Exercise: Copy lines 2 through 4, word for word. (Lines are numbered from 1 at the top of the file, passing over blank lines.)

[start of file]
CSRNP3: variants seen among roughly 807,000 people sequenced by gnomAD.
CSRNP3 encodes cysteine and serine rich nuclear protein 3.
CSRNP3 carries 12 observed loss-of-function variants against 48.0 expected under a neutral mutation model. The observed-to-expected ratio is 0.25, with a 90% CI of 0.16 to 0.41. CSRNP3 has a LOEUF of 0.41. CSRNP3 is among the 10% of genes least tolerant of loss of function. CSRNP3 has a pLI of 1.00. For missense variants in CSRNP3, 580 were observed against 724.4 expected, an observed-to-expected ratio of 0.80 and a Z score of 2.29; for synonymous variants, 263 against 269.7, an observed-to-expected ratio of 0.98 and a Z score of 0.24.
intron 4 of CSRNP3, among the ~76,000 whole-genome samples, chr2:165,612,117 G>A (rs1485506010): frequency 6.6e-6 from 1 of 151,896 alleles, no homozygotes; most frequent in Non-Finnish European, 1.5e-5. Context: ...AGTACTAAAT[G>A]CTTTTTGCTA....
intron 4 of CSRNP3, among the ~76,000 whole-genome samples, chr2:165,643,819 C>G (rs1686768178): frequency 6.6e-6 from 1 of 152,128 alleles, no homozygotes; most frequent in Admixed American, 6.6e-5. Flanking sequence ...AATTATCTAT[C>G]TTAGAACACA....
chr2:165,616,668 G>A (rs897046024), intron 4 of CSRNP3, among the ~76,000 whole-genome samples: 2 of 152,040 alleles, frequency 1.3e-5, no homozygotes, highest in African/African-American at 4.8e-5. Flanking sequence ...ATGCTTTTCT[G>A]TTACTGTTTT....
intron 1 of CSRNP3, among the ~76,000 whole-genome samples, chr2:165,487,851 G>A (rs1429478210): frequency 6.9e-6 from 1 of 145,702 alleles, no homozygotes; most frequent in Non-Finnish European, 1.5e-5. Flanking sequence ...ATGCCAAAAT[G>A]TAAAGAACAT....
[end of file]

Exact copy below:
CSRNP3 encodes cysteine and serine rich nuclear protein 3.
CSRNP3 carries 12 observed loss-of-function variants against 48.0 expected under a neutral mutation model. The observed-to-expected ratio is 0.25, with a 90% CI of 0.16 to 0.41. CSRNP3 has a LOEUF of 0.41. CSRNP3 is among the 10% of genes least tolerant of loss of function. CSRNP3 has a pLI of 1.00. For missense variants in CSRNP3, 580 were observed against 724.4 expected, an observed-to-expected ratio of 0.80 and a Z score of 2.29; for synonymous variants, 263 against 269.7, an observed-to-expected ratio of 0.98 and a Z score of 0.24.
intron 4 of CSRNP3, among the ~76,000 whole-genome samples, chr2:165,612,117 G>A (rs1485506010): frequency 6.6e-6 from 1 of 151,896 alleles, no homozygotes; most frequent in Non-Finnish European, 1.5e-5. Context: ...AGTACTAAAT[G>A]CTTTTTGCTA....